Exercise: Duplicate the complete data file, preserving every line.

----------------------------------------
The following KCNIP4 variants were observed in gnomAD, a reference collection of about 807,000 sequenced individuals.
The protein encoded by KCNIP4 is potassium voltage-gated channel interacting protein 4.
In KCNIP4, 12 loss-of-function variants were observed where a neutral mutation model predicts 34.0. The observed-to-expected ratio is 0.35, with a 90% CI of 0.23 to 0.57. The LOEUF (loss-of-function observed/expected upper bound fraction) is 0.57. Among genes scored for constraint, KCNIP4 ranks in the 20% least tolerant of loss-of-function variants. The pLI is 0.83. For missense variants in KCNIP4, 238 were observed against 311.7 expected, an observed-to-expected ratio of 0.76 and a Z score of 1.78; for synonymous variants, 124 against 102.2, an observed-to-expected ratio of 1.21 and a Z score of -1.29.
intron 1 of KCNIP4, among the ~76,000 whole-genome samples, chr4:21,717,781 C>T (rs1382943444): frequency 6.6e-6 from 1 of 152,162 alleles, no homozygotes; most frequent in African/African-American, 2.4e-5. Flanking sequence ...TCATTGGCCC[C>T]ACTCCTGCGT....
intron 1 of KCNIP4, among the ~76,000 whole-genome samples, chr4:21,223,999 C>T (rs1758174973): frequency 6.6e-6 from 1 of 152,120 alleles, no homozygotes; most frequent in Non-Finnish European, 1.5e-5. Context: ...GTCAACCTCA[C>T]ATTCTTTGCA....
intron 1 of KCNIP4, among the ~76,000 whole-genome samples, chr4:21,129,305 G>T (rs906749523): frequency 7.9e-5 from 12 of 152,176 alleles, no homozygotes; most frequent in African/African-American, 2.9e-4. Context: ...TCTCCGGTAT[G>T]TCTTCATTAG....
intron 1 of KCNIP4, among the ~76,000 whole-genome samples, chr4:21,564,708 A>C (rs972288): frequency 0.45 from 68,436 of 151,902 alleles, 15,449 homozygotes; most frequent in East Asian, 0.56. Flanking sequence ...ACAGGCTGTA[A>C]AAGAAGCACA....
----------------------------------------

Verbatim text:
The following KCNIP4 variants were observed in gnomAD, a reference collection of about 807,000 sequenced individuals.
The protein encoded by KCNIP4 is potassium voltage-gated channel interacting protein 4.
In KCNIP4, 12 loss-of-function variants were observed where a neutral mutation model predicts 34.0. The observed-to-expected ratio is 0.35, with a 90% CI of 0.23 to 0.57. The LOEUF (loss-of-function observed/expected upper bound fraction) is 0.57. Among genes scored for constraint, KCNIP4 ranks in the 20% least tolerant of loss-of-function variants. The pLI is 0.83. For missense variants in KCNIP4, 238 were observed against 311.7 expected, an observed-to-expected ratio of 0.76 and a Z score of 1.78; for synonymous variants, 124 against 102.2, an observed-to-expected ratio of 1.21 and a Z score of -1.29.
intron 1 of KCNIP4, among the ~76,000 whole-genome samples, chr4:21,717,781 C>T (rs1382943444): frequency 6.6e-6 from 1 of 152,162 alleles, no homozygotes; most frequent in African/African-American, 2.4e-5. Flanking sequence ...TCATTGGCCC[C>T]ACTCCTGCGT....
intron 1 of KCNIP4, among the ~76,000 whole-genome samples, chr4:21,223,999 C>T (rs1758174973): frequency 6.6e-6 from 1 of 152,120 alleles, no homozygotes; most frequent in Non-Finnish European, 1.5e-5. Context: ...GTCAACCTCA[C>T]ATTCTTTGCA....
intron 1 of KCNIP4, among the ~76,000 whole-genome samples, chr4:21,129,305 G>T (rs906749523): frequency 7.9e-5 from 12 of 152,176 alleles, no homozygotes; most frequent in African/African-American, 2.9e-4. Context: ...TCTCCGGTAT[G>T]TCTTCATTAG....
intron 1 of KCNIP4, among the ~76,000 whole-genome samples, chr4:21,564,708 A>C (rs972288): frequency 0.45 from 68,436 of 151,902 alleles, 15,449 homozygotes; most frequent in East Asian, 0.56. Flanking sequence ...ACAGGCTGTA[A>C]AAGAAGCACA....